Talbot student ministers to Africa

Faustin Ntamushobora, who lived through the Rwanda genocide, is now ministering in Africa while studying at Talbot Theological Seminary.

Faustin Ntamushobora has been sharing his life story with many people. He has been shaped by harrowing experiences: losing his siblings at a very young age and surviving the 1994 genocide in Rwanda.

Rather than focusing on the past, he is eager to share about his hope for the future and how he sees God at work in his life now. The joy in his eyes and his God-given vision for the transformation of the people of Africa cannot be ignored.

As an ordained Baptist minister, educator, and Talbot doctoral student, Ntamushobora is also the executive director of Transformational Leadership in Africa Inc. (TLAfrica Inc.), a non-profit organization dedicated to training leaders and empowering them to bring transformation to their communities. By 1993, Ntamushobora noticed that the church in Africa was growing in numbers, but not in depth. This was made evident during the genocide, as those who called themselves Christians were also killing their neighbors.

“This was because the church was full of converts, but not disciples of Jesus Christ,” Ntamushobora said. “Africa is, in fact, a center of gravity of Christianity today, but still remains a place in great need of relational, economic, and spiritual transformation.”

Ntamushobora is aware of the many existing ministries in Africa headed by leaders who are hungry for the truth. He believes that he has a part to play in empowering them in ministry. He recognizes a passion in these individuals, but also a lack of training – and God has given Ntamushobora the means by which to help these people.

“Education is not just from training like Biola,” he said. “We can train leaders even using non-formal training methods and it’s very effective. You know why? We do it through relationships.”

The process of transformation that he sees occurring in the lives of Africans begins with trust, and ultimately leads to full disclosure and authenticity amid the people.

“When they disclose themselves, we are able to bring the Word of God to destroy the fortresses and see reconciliation,” Ntamushobora said.

Ntamushobora says his work at TLAfrica Inc. is exhilarating. It consists of a leadership institute, at which pastors from all over Africa gather to train and learn about God’s Word. The institute came about because Ntamushobora realized that teaching and discipleship are the main need of the Church.

“When pastors are discipled, then they are able to disciple others,” Ntamushobora said. “When they are able to teach according to the Bible, then they will teach the Word of God and help others be transformed in the way they are.”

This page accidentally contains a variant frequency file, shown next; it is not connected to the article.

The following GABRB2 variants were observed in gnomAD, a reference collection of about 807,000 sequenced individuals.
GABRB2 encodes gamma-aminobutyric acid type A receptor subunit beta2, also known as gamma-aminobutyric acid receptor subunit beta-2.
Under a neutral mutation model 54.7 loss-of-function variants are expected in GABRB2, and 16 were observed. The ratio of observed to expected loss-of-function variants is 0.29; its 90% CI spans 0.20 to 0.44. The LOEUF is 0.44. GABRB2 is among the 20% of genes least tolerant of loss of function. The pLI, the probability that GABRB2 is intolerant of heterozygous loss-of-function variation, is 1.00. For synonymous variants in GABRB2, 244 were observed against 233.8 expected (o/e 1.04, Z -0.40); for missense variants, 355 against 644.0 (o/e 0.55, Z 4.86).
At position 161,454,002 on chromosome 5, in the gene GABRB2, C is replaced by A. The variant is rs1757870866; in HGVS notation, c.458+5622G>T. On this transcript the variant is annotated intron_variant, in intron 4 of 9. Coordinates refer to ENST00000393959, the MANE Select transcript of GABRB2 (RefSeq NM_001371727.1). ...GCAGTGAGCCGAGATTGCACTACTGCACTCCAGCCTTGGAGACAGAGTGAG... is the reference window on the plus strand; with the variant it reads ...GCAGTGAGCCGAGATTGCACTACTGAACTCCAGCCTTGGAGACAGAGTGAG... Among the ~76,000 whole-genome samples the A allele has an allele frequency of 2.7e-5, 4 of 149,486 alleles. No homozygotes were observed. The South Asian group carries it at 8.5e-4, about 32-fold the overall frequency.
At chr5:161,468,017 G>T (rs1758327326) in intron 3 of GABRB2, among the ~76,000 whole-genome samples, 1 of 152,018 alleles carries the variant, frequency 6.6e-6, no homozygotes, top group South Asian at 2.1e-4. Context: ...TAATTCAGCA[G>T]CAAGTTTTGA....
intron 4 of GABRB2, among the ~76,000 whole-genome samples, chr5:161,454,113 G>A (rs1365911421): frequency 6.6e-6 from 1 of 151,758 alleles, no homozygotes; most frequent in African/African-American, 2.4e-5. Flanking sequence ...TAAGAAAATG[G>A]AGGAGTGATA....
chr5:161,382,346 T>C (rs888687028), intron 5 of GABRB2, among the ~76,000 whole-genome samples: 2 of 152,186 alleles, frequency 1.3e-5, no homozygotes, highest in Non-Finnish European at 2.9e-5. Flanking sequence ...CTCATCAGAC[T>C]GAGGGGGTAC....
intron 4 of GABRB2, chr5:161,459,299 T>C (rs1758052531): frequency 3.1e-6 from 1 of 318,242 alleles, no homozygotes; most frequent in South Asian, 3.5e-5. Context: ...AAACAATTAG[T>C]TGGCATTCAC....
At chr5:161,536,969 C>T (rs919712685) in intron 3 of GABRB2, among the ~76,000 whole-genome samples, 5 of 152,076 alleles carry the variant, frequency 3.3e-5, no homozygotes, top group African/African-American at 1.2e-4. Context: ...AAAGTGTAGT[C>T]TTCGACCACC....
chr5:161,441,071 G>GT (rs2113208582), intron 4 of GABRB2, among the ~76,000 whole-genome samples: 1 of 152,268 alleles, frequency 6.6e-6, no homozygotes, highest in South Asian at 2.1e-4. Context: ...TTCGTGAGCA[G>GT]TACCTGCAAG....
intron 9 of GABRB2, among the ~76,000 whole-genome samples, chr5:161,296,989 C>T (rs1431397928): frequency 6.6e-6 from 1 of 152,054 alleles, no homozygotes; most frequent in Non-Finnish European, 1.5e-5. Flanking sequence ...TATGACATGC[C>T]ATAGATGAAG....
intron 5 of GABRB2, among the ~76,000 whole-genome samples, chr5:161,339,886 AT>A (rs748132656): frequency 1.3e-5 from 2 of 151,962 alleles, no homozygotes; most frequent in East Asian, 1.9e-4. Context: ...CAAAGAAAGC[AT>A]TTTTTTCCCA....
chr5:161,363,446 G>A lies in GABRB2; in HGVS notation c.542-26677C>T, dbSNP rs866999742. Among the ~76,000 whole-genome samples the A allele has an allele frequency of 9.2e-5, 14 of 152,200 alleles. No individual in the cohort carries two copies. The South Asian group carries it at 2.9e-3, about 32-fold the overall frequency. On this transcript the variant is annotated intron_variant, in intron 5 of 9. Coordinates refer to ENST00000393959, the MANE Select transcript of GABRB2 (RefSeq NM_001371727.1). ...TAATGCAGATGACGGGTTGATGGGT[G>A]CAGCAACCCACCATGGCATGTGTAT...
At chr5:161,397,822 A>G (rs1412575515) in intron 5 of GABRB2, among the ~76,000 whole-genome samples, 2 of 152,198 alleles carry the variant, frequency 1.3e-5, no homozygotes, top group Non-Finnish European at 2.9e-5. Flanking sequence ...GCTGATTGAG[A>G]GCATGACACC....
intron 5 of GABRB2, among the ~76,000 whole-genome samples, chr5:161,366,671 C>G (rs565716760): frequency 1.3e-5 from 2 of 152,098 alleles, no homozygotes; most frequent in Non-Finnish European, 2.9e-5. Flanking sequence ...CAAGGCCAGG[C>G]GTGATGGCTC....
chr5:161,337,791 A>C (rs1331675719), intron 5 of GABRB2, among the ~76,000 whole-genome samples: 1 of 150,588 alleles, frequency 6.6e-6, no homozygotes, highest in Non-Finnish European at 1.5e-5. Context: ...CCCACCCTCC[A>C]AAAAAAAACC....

There is a desperate need for economic transformation in Africa. Partnering with his wife Salome, who is also a graduate student at Biola; they seek to minister to women as well as men. A majority of Salome’s work consists of discipling women and empowering them in areas like microfinance and small projects.

Referencing Second Corinthians 5:17-21, Ntamushobora firmly stated, “The mission of reconciliation is a mandate for the Church.” He does not believe reconciliation will come from politicians and seems to delight in the fact that the Church has so much responsibility to bring healing and restoration to Africa.

To him, reconciliation is a kind of inheritance and comes through forgiveness, a liberating power. He explains that this understanding did not come from his experience with the genocide, but from his mother many years before. She exemplified forgiveness when she chose to forgive those who poisoned his brothers and sisters when he was a child. His mother also shared with him words of wisdom that he holds in his heart as he continues on his journey in the United States.

“I don’t know that land called America, but I know that the Lord has a plan for you,” Ntamushobora remembers his mother telling him. “Son, serve the Lord.”

Continuing she said, “Son, do you remember how your two brothers and sisters died the same week? The Lord spared your life for a reason. Son, serve the Lord. Son, do you remember what I did for those who killed your two brothers and sister?”

Ntamushobora remembers replying, “Mom, you forgave them.”

With his eyes full of gratefulness Ntamushobora closes the story: “And I cried. My mom is my hero in the ministry of reconciliation.”

Without a doubt, Faustin forgives others and serves the Lord, but it goes further than that. He is committed to teaching and inspiring others to do the same.

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